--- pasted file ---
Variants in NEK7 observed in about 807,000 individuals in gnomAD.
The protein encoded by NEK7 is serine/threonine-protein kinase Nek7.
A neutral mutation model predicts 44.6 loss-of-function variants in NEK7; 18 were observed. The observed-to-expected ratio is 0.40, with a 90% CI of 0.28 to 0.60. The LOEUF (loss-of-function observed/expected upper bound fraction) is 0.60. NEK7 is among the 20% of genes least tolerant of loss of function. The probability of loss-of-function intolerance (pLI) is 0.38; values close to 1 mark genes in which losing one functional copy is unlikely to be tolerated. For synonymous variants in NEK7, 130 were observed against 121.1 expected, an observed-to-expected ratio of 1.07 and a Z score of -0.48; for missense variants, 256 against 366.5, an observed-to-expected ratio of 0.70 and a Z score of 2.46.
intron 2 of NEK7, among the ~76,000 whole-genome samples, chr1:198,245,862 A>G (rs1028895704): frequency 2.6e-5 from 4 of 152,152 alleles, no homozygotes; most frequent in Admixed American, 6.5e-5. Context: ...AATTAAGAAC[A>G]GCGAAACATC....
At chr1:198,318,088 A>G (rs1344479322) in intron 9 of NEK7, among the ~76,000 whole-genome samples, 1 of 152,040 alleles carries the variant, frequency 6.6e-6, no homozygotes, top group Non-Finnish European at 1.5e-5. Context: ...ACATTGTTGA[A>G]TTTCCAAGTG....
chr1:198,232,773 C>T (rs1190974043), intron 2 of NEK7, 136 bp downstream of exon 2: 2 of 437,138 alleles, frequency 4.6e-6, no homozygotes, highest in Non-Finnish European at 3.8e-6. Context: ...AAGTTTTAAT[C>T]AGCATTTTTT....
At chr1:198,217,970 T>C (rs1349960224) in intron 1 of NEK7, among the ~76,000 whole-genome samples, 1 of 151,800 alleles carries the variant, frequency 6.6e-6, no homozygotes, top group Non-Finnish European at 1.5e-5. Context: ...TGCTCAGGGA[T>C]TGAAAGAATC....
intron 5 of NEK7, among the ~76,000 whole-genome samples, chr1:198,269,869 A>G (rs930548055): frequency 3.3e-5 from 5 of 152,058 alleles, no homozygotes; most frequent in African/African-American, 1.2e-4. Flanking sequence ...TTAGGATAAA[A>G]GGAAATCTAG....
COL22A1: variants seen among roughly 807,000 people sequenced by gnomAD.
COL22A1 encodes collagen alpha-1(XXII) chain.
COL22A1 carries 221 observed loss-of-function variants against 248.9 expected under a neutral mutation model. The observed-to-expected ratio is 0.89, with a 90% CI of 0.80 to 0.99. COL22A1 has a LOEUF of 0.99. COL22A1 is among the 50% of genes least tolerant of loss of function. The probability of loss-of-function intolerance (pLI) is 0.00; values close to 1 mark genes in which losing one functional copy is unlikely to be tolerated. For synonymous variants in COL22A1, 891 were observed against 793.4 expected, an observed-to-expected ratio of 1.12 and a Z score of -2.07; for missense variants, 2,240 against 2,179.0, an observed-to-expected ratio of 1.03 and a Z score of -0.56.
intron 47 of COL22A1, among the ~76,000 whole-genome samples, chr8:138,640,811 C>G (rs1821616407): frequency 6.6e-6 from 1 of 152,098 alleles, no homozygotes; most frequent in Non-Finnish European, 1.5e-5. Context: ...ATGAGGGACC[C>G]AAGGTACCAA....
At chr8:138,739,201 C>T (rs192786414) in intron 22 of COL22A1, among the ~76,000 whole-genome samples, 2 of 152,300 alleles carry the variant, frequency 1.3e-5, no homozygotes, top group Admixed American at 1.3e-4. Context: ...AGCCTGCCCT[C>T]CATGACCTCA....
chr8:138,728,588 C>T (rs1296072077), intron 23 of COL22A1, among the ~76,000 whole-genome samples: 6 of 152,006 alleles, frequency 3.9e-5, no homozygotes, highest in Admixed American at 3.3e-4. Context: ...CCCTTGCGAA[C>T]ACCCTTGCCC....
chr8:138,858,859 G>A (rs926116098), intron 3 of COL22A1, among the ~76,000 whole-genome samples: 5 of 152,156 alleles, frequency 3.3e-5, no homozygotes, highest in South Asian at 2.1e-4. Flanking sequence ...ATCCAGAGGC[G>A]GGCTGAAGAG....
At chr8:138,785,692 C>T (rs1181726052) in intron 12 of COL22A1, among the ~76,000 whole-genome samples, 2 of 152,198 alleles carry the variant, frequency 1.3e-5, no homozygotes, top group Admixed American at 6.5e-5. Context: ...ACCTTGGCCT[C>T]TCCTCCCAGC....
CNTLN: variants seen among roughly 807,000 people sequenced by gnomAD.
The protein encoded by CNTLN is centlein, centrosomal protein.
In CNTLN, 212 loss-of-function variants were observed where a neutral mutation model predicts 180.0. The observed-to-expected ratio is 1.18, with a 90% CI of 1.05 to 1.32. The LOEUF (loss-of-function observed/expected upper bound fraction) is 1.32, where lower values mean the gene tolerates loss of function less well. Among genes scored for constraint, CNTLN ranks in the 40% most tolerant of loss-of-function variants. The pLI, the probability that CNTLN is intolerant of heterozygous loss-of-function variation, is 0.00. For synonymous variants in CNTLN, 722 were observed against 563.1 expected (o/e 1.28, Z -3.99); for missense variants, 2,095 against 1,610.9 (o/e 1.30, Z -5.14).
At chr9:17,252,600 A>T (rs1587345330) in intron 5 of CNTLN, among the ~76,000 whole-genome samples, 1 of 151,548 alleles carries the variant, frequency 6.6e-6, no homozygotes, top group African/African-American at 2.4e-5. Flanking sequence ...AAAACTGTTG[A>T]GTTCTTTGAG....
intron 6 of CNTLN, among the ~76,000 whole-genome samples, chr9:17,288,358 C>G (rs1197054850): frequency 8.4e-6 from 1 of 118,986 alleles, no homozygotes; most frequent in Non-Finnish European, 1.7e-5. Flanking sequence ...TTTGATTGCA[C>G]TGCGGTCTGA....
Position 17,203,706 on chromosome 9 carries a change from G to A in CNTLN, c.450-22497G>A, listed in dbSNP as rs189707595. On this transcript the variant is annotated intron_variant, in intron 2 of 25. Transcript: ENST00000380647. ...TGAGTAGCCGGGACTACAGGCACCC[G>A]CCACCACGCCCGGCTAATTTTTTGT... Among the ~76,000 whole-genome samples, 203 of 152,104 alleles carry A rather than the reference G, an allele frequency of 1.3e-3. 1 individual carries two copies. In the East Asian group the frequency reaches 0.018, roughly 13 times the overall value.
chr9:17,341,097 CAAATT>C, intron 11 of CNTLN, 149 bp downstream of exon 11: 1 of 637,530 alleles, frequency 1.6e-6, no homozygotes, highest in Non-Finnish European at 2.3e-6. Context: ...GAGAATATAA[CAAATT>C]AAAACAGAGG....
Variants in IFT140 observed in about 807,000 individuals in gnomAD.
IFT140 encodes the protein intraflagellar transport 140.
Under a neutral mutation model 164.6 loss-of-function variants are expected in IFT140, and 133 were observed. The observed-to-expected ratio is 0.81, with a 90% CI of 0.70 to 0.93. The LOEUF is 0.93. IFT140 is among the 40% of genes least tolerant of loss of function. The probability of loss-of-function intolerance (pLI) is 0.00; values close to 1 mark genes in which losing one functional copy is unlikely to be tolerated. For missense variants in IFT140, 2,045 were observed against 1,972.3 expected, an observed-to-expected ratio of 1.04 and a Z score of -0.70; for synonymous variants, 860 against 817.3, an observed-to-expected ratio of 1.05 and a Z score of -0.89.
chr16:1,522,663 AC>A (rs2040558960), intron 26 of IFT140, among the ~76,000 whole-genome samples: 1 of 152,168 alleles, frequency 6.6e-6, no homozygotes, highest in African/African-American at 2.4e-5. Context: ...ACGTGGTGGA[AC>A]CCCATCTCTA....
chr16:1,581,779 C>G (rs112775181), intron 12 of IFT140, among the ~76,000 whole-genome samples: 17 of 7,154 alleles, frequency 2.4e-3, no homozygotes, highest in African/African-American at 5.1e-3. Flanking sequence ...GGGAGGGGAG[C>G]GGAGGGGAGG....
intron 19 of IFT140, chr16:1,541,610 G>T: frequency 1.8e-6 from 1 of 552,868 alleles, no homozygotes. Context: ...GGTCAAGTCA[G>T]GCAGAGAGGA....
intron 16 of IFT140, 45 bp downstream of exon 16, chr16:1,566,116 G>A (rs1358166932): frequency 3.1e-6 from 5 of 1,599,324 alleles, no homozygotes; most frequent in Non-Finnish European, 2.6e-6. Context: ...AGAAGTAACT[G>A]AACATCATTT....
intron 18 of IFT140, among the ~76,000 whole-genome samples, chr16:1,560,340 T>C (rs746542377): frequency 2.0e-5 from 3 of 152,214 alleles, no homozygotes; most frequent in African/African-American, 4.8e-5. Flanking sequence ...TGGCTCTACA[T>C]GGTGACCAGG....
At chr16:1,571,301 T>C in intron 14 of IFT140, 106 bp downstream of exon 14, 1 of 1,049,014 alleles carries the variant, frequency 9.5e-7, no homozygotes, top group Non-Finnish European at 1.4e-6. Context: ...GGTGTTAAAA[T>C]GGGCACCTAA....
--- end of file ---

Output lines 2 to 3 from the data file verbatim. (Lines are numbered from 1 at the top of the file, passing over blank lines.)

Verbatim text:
The protein encoded by NEK7 is serine/threonine-protein kinase Nek7.
A neutral mutation model predicts 44.6 loss-of-function variants in NEK7; 18 were observed. The observed-to-expected ratio is 0.40, with a 90% CI of 0.28 to 0.60. The LOEUF (loss-of-function observed/expected upper bound fraction) is 0.60. NEK7 is among the 20% of genes least tolerant of loss of function. The probability of loss-of-function intolerance (pLI) is 0.38; values close to 1 mark genes in which losing one functional copy is unlikely to be tolerated. For synonymous variants in NEK7, 130 were observed against 121.1 expected, an observed-to-expected ratio of 1.07 and a Z score of -0.48; for missense variants, 256 against 366.5, an observed-to-expected ratio of 0.70 and a Z score of 2.46.